But within all that excitement, a common fear is lurking: finances. As a student, you’ve become accustomed to ramen dinners and nights out. However, that was all paid for by your Student Loan — what happens when the loan runs out and you have to pay your way?
It’s easy to feel overwhelmed by finances as a graduate, but helpful to remember that every graduate who came before you has been in the same position at some point. They found a way to make it work and you can too by setting yourself up for financial success as a graduate.
Best Paid Student Jobs
Most student jobs don’t pay much above minimum wage. However, there are a few Well Paid Student Jobs to be found before you graduate.
Start by getting in touch with your university with an eye toward part-time and temporary roles. Working for your uni may not pay extremely well, but your managers and peers will understand the pressures that you face as a student, and the experience may be relevant to your first career role.
Freelancing today is lucrative and easier than ever before. You might find it challenging to build momentum as a freelancer, but sites like Upwork and Fiverr give you a chance to build your portfolio. Try to angle towards services that you are learning during your degree, as this will help you build your CV in the future, too.
In addition to traditional freelancing, you may want to consider leveraging your social media channels for some extra income. If your Instagram or TikTok accounts boast something close to a thousand followers, you can probably get in touch with brands and start earning as a brand ambassador.
Budgeting During the Transition
As a student, your budget is probably broken down between rent, food, nights out, and social activities. However, as you approach graduation it’s worth getting a little tighter on your budget and accruing some savings when possible.
A little extra in your savings account will go a long way post-graduation, as you’ll need the money for train journeys and overnight accommodation. Budgeting for these extra costs helps set yourself up for financial success as a graduate and ensures that you can attend interviews and job fairs without having to worry about paying for hotels or fuel.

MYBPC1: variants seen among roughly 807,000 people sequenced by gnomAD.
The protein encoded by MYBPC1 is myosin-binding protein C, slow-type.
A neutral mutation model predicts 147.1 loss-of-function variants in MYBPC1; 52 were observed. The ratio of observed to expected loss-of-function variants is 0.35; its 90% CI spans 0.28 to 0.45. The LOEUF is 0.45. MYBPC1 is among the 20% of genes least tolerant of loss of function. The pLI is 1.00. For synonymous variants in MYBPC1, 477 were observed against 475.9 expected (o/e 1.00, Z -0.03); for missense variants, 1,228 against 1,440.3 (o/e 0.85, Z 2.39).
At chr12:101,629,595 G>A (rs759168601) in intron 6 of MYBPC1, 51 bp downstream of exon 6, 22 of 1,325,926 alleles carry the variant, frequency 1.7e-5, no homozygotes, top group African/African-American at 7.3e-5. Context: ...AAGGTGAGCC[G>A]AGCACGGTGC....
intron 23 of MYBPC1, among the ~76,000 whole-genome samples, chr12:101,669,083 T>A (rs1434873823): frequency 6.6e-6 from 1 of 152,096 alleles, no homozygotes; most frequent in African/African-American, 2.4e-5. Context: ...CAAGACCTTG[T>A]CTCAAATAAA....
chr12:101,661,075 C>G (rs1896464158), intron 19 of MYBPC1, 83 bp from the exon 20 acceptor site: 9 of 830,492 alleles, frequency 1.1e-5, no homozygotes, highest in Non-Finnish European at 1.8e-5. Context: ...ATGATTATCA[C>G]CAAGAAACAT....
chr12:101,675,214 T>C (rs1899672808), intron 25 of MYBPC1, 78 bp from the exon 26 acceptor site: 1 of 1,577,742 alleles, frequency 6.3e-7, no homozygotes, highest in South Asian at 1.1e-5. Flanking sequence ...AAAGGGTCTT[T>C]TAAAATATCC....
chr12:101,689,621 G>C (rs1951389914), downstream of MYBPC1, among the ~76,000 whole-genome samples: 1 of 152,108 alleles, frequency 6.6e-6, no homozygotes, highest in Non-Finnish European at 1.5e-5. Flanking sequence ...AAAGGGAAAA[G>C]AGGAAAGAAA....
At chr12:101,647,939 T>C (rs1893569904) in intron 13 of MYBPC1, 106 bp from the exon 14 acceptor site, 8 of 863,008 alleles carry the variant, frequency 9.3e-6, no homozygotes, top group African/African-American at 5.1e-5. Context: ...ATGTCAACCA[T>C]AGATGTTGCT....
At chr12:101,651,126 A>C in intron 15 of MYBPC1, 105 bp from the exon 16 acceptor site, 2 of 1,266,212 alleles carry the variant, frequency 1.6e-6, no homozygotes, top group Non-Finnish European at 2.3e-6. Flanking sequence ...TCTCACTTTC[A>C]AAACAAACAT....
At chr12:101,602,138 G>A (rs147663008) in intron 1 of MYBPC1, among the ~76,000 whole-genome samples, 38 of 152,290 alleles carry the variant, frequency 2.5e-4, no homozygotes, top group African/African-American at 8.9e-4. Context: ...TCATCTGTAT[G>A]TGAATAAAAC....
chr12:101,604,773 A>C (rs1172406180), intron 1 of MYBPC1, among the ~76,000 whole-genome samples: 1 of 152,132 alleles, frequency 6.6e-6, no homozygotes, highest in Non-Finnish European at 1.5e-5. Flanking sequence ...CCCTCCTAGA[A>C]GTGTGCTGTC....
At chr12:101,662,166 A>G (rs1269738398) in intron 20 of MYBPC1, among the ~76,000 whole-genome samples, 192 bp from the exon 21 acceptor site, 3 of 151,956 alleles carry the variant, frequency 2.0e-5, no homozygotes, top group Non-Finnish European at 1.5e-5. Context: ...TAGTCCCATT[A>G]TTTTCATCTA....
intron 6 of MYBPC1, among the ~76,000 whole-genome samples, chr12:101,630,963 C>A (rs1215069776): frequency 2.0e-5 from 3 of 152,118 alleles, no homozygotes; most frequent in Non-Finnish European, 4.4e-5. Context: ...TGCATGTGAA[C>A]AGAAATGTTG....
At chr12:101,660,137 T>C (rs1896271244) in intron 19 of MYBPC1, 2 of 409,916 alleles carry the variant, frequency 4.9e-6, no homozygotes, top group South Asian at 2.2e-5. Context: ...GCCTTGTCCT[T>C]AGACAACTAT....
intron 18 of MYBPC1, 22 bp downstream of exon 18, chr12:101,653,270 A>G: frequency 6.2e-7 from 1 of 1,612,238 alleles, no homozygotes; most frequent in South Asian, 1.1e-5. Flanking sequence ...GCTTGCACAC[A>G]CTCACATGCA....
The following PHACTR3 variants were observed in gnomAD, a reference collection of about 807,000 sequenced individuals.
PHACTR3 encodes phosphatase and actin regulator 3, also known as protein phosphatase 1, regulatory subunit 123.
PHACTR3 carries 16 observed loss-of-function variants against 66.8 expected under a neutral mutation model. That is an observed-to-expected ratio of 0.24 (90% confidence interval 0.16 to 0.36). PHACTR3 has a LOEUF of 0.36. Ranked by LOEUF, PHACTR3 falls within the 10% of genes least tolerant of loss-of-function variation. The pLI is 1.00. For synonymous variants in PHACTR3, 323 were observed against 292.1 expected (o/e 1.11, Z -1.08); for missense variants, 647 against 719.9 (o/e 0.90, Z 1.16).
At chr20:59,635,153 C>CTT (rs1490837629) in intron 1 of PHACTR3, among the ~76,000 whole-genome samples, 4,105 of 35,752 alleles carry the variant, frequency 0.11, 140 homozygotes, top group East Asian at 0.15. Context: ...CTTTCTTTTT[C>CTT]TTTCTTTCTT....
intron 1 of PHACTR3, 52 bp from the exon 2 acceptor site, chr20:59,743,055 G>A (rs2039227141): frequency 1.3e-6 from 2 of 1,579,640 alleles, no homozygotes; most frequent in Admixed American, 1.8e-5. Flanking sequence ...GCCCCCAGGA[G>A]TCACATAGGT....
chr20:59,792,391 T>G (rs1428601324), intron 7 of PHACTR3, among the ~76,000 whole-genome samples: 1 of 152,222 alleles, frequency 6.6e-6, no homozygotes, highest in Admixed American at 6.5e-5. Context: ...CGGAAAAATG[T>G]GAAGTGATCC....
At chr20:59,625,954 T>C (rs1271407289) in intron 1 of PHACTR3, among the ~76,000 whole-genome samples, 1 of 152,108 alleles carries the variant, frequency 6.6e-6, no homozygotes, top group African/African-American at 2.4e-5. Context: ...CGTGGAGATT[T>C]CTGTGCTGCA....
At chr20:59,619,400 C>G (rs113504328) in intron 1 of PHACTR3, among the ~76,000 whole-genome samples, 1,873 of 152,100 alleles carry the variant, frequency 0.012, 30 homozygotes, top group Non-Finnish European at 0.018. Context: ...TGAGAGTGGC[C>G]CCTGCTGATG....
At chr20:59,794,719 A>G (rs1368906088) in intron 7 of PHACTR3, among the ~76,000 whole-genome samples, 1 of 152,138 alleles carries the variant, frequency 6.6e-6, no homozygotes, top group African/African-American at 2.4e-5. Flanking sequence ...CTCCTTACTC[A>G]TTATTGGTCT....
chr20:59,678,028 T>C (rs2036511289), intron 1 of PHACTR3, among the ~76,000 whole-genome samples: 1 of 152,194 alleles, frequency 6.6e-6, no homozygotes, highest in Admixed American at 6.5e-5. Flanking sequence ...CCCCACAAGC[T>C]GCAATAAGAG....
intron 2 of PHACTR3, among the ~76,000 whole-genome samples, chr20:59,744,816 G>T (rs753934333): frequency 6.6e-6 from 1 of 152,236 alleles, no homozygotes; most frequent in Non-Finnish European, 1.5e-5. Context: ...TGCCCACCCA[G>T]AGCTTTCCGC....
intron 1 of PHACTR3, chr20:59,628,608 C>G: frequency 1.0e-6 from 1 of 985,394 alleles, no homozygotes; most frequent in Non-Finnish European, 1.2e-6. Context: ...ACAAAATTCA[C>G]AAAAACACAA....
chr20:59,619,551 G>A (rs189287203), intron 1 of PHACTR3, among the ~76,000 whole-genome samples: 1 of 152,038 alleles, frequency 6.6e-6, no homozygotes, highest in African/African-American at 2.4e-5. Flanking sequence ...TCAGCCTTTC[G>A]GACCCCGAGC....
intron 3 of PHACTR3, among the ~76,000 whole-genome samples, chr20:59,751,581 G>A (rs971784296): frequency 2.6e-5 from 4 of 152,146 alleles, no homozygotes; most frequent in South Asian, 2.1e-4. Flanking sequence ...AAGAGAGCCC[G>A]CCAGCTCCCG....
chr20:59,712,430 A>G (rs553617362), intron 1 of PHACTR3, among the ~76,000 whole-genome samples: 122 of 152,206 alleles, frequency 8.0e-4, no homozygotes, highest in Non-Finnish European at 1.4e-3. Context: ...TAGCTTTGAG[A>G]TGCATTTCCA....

Once you land your first salaried job, it’s tempting to go all out on spending and fully furnish your new apartment with luxuries. While you should be proud of the progress you’ve made, try to go easy on the spending until you’ve made it out of your probation period at work.
You can easily save a chunk of cash by spending your first-year post-graduation in a studio apartment. A studio apartment may not sound like a step up from uni halls, but a small private space is all you really need while you’re learning the ropes at your new job. You can still furnish a small studio apartment by using room dividers and multi-purpose storage like ottomans and loft beds.
Getting paid a “grown-up” salary can be a real boost to your confidence and allows you to make big purchases. However, as a recent graduate, building your savings and being sensible with your earnings will help you reach financial success as a graduate.
Start by building an emergency fund. emergency funds usually total around three times your monthly expenses. So, if your monthly expenses are around £1,000, you’ll need an emergency fund of at least £3,000. This will ensure that you have enough to cover your bills if something goes wrong (and helps calm any financial anxiety you may have).
Once you’ve built an emergency fund, it's time to start making your money work for you. Fortunately, most banks have dedicated support to help you figure out the safest investment plans for your situation. This will help you gain financial literacy early on in your career and receiving dividends is always a welcome boost to your bank accounts.
At some point, you’re going to start making a few big purchases. Whether it’s buying a car, putting down a deposit, or buying a pet, you will want to put your thrifty student life behind you and start spending your hard-earned money on things that improve your quality of life.
For most recent graduates, the first big purchase is a second-hand car. Rising fuel prices may turn you away from buying a motor, but many jobs require you to have a reliable mode of transport and a valid driver's license. You can keep the cost of buying a car low by purchasing at the end of the year and finding sales.
Wanting to have financial success as a graduate can be stressful. There are lots of variables and it’s easy to feel overwhelmed when budgeting for big purchases. You can alleviate some of the stress by keeping your non-essential spending to a minimum and picking up a part-time role at your university. Try to get in touch with your bank before you start making investments as they’ll help you become financially literate and help set you up for future financial success.
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